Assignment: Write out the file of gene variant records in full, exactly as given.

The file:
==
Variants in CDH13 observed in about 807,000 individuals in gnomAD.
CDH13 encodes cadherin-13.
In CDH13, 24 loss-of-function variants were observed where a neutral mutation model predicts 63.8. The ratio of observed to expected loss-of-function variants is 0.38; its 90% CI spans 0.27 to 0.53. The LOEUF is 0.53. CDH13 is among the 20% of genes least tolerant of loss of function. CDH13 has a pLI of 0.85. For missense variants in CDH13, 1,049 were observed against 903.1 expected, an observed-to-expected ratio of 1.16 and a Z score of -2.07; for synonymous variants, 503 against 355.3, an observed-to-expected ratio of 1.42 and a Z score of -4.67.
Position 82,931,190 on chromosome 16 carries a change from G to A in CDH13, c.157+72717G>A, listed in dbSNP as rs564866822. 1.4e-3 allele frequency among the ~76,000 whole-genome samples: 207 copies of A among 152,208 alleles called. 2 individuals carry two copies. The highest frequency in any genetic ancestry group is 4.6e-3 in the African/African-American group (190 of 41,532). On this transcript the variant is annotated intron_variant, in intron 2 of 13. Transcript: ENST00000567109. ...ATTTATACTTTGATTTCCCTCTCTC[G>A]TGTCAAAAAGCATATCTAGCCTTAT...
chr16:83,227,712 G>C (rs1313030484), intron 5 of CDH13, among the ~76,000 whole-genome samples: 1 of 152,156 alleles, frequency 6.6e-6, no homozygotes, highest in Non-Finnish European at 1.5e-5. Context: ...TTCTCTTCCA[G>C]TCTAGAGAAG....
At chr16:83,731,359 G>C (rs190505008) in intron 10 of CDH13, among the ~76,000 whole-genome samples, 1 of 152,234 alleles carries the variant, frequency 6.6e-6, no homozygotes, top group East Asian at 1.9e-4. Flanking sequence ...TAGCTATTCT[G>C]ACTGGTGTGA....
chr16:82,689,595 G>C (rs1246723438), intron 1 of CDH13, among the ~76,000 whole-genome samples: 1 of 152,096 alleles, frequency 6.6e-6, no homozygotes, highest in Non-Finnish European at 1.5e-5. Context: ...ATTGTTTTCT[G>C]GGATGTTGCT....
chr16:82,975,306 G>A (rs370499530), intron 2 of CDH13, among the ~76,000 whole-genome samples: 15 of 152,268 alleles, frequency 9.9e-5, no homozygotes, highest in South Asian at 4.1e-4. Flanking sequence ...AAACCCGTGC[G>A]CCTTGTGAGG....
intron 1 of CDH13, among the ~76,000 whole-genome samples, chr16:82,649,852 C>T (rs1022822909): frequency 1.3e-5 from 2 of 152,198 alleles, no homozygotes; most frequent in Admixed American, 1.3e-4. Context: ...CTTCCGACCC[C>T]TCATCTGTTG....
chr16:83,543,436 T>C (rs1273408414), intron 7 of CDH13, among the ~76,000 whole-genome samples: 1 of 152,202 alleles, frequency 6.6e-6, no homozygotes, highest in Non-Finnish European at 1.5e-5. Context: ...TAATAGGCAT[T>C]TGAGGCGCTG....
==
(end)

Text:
Variants in CDH13 observed in about 807,000 individuals in gnomAD.
CDH13 encodes cadherin-13.
In CDH13, 24 loss-of-function variants were observed where a neutral mutation model predicts 63.8. The ratio of observed to expected loss-of-function variants is 0.38; its 90% CI spans 0.27 to 0.53. The LOEUF is 0.53. CDH13 is among the 20% of genes least tolerant of loss of function. CDH13 has a pLI of 0.85. For missense variants in CDH13, 1,049 were observed against 903.1 expected, an observed-to-expected ratio of 1.16 and a Z score of -2.07; for synonymous variants, 503 against 355.3, an observed-to-expected ratio of 1.42 and a Z score of -4.67.
Position 82,931,190 on chromosome 16 carries a change from G to A in CDH13, c.157+72717G>A, listed in dbSNP as rs564866822. 1.4e-3 allele frequency among the ~76,000 whole-genome samples: 207 copies of A among 152,208 alleles called. 2 individuals carry two copies. The highest frequency in any genetic ancestry group is 4.6e-3 in the African/African-American group (190 of 41,532). On this transcript the variant is annotated intron_variant, in intron 2 of 13. Transcript: ENST00000567109. ...ATTTATACTTTGATTTCCCTCTCTC[G>A]TGTCAAAAAGCATATCTAGCCTTAT...
chr16:83,227,712 G>C (rs1313030484), intron 5 of CDH13, among the ~76,000 whole-genome samples: 1 of 152,156 alleles, frequency 6.6e-6, no homozygotes, highest in Non-Finnish European at 1.5e-5. Context: ...TTCTCTTCCA[G>C]TCTAGAGAAG....
At chr16:83,731,359 G>C (rs190505008) in intron 10 of CDH13, among the ~76,000 whole-genome samples, 1 of 152,234 alleles carries the variant, frequency 6.6e-6, no homozygotes, top group East Asian at 1.9e-4. Flanking sequence ...TAGCTATTCT[G>C]ACTGGTGTGA....
chr16:82,689,595 G>C (rs1246723438), intron 1 of CDH13, among the ~76,000 whole-genome samples: 1 of 152,096 alleles, frequency 6.6e-6, no homozygotes, highest in Non-Finnish European at 1.5e-5. Context: ...ATTGTTTTCT[G>C]GGATGTTGCT....
chr16:82,975,306 G>A (rs370499530), intron 2 of CDH13, among the ~76,000 whole-genome samples: 15 of 152,268 alleles, frequency 9.9e-5, no homozygotes, highest in South Asian at 4.1e-4. Flanking sequence ...AAACCCGTGC[G>A]CCTTGTGAGG....
intron 1 of CDH13, among the ~76,000 whole-genome samples, chr16:82,649,852 C>T (rs1022822909): frequency 1.3e-5 from 2 of 152,198 alleles, no homozygotes; most frequent in Admixed American, 1.3e-4. Context: ...CTTCCGACCC[C>T]TCATCTGTTG....
chr16:83,543,436 T>C (rs1273408414), intron 7 of CDH13, among the ~76,000 whole-genome samples: 1 of 152,202 alleles, frequency 6.6e-6, no homozygotes, highest in Non-Finnish European at 1.5e-5. Context: ...TAATAGGCAT[T>C]TGAGGCGCTG....